Gates, only 50, retires in two years
THREE DECADES after he started Microsoft with the dream of placing a personal computer in every home and business, Bill Gates on Thursday said he would leave his day-to-day role in the company in two years.india Updated: Jun 17, 2006 01:16 IST
THREE DECADES after he started Microsoft with the dream of placing a personal computer in every home and business, Bill Gates on Thursday said he would leave his day-to-day role in the company in two years.
Gates will shift his energies to the Bill and Melinda Gates Foundation, which his Microsoft fortune has made the largest philanthropic organisation, handing out a grant of $1 billion annually for health and education issues.
On Microsoft's Redmond campus, Gates, 50, said he was not leaving the company altogether. He planned to remain as chairman and to maintain his large holding in it.
But the move, analysts said, pointed to changes sweeping the software industry. Probably more than any other person, Gates has been identified with personal computer software, while the centre of gravity in computing is increasingly shifting to the internet.
Gates's college classmate and business partner of 26 years, Steven A. Ballmer, will remain the CEO of Microsoft, a post he assumed in 2000. The transition will begin immediately, Gates said, with his role as chief software architect taken over by Ray Ozzie, who conceived Lotus Notes in the 1980s.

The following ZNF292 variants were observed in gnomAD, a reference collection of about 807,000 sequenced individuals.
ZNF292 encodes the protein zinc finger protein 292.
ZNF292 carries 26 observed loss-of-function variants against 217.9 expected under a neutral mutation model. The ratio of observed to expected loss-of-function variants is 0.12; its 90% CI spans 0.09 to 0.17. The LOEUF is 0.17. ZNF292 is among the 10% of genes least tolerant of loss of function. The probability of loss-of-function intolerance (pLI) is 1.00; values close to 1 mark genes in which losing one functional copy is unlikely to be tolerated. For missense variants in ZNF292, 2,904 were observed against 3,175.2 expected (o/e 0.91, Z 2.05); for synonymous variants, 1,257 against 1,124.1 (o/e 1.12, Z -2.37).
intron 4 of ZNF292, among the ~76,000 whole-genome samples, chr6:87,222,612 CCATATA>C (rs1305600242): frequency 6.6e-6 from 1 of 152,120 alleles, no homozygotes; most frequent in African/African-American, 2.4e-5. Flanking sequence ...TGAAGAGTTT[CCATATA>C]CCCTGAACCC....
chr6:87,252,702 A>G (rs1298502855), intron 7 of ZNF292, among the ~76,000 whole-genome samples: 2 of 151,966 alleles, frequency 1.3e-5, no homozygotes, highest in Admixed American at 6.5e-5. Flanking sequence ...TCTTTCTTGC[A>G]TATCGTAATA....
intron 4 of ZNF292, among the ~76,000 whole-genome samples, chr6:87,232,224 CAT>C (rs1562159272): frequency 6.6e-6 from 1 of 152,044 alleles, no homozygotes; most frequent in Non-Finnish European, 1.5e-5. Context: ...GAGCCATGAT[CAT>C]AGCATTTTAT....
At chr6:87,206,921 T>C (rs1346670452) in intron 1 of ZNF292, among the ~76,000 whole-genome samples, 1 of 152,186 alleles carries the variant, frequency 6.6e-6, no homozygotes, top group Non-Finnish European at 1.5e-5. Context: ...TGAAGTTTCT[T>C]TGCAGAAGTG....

Gates made efforts to minimise his role at Microsoft, saying it had the ability to innovate and lead despite his diminished presence. "The world has had a tendency to focus a disproportionate amount of attention on me," he said.
"The change we're seeing today is not a retirement, it's a reordering of my priorities," Gates said. He said his primary motivation was a desire to spend more time on the issues he decided to attack with his foundation, whose resources will swell as Gates makes good on his commitment to shift most of his fortune, said to be around $50 billion.
But his decision to begin scaling back comes at a critical juncture for Microsoft. Although its profits are $1 billion a month, Wall Street has grown increasingly critical of its inability to make significant headway in new markets as diverse as video games and Web advertising.